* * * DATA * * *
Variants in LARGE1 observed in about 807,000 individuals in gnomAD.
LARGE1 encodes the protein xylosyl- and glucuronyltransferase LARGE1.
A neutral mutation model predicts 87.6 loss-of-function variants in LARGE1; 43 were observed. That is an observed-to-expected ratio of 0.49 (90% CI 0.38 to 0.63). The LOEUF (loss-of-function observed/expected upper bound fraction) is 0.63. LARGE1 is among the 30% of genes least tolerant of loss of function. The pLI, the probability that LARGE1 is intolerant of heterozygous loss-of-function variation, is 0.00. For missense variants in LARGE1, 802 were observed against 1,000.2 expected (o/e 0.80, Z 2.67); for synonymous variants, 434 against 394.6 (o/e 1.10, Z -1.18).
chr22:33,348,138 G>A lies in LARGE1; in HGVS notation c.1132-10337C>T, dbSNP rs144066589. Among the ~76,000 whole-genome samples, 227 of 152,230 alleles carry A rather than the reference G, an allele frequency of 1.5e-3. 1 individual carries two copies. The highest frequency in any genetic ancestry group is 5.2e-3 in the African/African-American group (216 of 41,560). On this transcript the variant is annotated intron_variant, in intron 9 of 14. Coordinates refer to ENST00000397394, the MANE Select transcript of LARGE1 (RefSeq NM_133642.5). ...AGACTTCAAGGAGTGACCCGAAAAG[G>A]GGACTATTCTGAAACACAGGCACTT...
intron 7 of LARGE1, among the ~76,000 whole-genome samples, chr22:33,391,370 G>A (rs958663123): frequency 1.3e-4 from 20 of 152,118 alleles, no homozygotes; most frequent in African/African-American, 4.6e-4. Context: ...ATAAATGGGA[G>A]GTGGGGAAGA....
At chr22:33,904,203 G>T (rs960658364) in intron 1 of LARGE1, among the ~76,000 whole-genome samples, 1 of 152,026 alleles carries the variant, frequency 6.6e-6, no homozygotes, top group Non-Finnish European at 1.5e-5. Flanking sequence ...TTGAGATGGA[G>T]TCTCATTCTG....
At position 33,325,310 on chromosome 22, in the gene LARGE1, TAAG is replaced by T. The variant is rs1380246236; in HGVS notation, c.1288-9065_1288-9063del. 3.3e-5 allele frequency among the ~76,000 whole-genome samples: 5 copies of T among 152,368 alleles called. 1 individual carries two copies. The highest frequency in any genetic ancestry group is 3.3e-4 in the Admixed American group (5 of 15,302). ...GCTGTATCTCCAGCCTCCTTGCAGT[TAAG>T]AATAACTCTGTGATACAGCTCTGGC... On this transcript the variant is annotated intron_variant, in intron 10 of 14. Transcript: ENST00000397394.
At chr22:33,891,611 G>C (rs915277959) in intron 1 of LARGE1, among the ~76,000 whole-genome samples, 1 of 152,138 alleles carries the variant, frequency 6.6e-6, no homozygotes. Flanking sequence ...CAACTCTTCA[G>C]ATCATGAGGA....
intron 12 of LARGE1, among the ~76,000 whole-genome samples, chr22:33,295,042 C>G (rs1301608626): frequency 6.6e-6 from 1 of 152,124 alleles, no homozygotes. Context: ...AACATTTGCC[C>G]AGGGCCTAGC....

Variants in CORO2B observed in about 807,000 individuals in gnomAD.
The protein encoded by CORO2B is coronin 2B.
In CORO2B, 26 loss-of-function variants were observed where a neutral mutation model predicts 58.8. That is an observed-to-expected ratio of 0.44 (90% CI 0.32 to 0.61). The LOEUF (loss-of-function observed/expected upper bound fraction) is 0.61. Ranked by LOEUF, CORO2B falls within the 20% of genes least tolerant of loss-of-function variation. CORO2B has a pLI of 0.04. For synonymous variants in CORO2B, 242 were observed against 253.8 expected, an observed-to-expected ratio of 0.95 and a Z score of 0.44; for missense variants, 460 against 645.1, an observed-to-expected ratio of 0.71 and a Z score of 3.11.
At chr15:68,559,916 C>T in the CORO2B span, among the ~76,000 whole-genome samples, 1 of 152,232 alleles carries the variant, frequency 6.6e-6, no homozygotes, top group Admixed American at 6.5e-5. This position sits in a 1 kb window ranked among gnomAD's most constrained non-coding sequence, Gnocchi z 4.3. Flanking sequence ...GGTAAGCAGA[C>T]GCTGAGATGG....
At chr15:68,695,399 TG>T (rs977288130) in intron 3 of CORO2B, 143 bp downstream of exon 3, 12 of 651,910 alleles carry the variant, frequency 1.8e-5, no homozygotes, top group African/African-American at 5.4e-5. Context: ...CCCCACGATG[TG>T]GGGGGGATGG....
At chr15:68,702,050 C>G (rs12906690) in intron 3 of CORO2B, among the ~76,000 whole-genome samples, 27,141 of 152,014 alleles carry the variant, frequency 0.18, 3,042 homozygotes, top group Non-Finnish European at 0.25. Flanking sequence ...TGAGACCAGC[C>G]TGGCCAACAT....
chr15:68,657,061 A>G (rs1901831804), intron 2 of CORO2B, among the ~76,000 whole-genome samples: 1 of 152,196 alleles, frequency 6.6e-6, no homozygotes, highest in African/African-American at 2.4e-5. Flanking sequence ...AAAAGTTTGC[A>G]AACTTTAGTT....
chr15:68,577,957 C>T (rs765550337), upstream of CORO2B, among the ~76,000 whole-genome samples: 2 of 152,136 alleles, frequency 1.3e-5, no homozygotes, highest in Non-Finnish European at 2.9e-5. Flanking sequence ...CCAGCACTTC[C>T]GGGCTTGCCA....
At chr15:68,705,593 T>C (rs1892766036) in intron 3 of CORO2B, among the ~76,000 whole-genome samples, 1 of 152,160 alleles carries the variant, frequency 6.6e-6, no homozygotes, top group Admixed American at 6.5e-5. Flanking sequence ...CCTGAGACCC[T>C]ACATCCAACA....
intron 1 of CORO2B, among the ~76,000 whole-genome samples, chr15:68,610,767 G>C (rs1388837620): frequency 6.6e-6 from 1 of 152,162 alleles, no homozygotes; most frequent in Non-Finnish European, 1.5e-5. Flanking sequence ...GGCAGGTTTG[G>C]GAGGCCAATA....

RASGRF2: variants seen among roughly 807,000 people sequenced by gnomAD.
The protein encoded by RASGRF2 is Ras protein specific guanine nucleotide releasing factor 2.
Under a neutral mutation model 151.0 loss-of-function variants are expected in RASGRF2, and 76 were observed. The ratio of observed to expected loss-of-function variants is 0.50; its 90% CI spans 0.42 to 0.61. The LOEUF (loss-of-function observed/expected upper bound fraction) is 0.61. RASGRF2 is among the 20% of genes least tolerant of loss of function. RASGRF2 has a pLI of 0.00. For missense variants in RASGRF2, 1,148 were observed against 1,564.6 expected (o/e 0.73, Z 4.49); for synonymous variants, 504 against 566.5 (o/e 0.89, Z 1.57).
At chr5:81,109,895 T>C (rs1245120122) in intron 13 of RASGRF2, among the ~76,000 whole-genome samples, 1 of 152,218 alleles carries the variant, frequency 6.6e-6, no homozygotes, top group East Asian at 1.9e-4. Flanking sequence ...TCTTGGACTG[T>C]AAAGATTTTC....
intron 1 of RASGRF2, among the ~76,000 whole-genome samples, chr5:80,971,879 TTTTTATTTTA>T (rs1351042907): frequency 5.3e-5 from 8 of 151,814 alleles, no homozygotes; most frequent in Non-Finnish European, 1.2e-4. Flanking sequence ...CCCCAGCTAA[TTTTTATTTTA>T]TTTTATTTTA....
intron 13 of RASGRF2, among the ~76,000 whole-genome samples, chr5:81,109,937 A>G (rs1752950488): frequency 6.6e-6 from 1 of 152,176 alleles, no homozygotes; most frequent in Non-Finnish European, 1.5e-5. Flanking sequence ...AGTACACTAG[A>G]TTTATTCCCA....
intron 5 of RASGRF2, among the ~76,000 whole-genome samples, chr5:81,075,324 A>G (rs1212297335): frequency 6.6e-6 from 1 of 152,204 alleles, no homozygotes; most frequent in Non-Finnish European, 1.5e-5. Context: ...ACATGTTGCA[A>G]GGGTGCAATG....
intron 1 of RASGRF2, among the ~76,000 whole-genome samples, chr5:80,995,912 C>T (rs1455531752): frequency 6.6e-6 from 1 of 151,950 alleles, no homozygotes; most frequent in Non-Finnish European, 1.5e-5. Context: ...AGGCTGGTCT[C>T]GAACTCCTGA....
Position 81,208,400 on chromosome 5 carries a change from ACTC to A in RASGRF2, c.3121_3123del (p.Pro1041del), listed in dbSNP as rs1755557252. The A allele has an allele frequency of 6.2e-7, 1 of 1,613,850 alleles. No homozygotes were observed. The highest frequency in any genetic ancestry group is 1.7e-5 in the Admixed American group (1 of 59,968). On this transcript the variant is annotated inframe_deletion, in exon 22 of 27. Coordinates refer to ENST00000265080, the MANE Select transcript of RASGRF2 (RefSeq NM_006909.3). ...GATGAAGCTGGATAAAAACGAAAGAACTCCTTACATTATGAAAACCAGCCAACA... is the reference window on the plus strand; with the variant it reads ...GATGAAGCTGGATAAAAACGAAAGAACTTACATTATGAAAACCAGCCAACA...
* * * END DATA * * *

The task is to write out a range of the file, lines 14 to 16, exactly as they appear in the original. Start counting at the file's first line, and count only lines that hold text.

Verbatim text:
At chr15:68,695,399 TG>T (rs977288130) in intron 3 of CORO2B, 143 bp downstream of exon 3, 12 of 651,910 alleles carry the variant, frequency 1.8e-5, no homozygotes, top group African/African-American at 5.4e-5. Context: ...CCCCACGATG[TG>T]GGGGGGATGG....
At chr15:68,702,050 C>G (rs12906690) in intron 3 of CORO2B, among the ~76,000 whole-genome samples, 27,141 of 152,014 alleles carry the variant, frequency 0.18, 3,042 homozygotes, top group Non-Finnish European at 0.25. Flanking sequence ...TGAGACCAGC[C>G]TGGCCAACAT....
chr15:68,657,061 A>G (rs1901831804), intron 2 of CORO2B, among the ~76,000 whole-genome samples: 1 of 152,196 alleles, frequency 6.6e-6, no homozygotes, highest in African/African-American at 2.4e-5. Flanking sequence ...AAAAGTTTGC[A>G]AACTTTAGTT....